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BPF urges government to reform business rates
British Property Federation submits wish list to government to ease pressure on shop owners.

By Christina Williams

6 June 2014

The British Property Federation (BPF) has joined forces with the British Council of Shopping Centres to urge the government to pursue further reform of the business rates system. The move comes in response to a consultation between the Treasury and the DCLF (Department for Communities and Local Government) about the Administration of Business Rates, which closes today.

Specifically, the BPF has urged the government to address three issues; the frequency of revaluations of business properties, the link between business rates and the Retail Price Index and reintroduction of a six-month empty rates relief for all properties. The move comes as part of a wider campaign by the BPF to ease pressure on business-owners through business rates reforms because, according to the federation, the charges are all too often disproportionate to both the economy and company turnover.

“The economy’s use of real estate has changed significantly over the past few years, with offices, shops and distribution centres looking very different now to when rates were introduced 25 years ago,” says Ion Fletcher, director of policy (finance) at the BPF. “Yet the business rates system has not adapted to this and is now in danger of doing harm to the economy. We urge the government to take note of our suggestions, as we fear that lack of reform could have damaging consequences for the property industry and economy as a whole.”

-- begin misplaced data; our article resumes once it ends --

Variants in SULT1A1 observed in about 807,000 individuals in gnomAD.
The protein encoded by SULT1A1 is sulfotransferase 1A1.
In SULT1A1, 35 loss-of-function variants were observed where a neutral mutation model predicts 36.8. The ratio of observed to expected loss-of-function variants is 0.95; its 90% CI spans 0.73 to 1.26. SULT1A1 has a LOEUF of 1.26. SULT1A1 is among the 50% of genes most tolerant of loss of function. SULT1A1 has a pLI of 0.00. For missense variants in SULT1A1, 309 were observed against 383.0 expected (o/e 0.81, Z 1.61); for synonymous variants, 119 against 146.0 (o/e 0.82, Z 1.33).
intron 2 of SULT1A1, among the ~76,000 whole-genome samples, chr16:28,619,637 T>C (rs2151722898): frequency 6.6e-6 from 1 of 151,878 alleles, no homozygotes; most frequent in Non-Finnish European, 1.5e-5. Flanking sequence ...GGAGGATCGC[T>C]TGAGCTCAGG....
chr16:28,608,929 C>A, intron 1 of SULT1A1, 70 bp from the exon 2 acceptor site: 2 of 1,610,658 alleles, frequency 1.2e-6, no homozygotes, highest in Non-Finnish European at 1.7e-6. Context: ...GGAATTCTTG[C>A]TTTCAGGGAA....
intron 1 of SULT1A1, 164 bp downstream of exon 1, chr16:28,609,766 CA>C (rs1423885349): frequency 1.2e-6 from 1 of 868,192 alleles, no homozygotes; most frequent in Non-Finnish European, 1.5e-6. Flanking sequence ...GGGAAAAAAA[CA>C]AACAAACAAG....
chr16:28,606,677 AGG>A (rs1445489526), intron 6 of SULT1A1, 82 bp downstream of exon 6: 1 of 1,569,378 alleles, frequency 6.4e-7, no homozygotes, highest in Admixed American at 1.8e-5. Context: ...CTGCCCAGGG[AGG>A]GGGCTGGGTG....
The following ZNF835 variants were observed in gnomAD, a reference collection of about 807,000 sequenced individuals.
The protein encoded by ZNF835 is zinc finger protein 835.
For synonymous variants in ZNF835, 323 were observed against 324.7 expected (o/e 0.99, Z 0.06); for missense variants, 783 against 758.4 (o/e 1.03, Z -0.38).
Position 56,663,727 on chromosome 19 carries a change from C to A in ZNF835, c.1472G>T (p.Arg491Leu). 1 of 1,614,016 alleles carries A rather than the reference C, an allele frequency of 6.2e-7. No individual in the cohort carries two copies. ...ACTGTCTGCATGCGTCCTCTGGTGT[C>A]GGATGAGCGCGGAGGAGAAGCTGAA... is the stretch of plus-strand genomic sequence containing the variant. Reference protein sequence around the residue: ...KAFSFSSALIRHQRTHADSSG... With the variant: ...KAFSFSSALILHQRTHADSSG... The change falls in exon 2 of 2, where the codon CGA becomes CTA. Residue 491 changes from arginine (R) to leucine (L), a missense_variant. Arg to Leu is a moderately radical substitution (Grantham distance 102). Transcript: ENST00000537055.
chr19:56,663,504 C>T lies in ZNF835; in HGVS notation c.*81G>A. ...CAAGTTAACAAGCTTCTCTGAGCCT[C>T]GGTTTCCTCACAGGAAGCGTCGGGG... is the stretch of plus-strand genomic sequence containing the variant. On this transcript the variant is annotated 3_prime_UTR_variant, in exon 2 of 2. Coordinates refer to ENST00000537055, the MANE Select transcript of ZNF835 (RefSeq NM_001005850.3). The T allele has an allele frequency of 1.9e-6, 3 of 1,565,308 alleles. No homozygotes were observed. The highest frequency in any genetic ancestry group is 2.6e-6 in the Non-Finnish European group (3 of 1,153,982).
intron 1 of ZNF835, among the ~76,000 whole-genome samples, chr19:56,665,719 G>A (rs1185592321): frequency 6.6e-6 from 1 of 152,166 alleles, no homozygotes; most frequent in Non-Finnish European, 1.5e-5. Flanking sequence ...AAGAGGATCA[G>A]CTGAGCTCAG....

The BPF has urged that revaluations of properties be carried out annually, to ensure that ratepayer’s liabilities would always reflect actual rental values. The Federation has also raised the issue of the link between business rates and the Retail Price Index, which it claims unfairly punishes businesses during a recession.

The call to reinstate a six-month empty rates relief, meanwhile, would see property owners relieved from paying business rates when properties do not have a tenant, as was the case prior to 2008. The BPF describes the failure to offer property-owners relief on empty properties is a “tax on failure”, which acts as a deterrent for further redevelopment.


 
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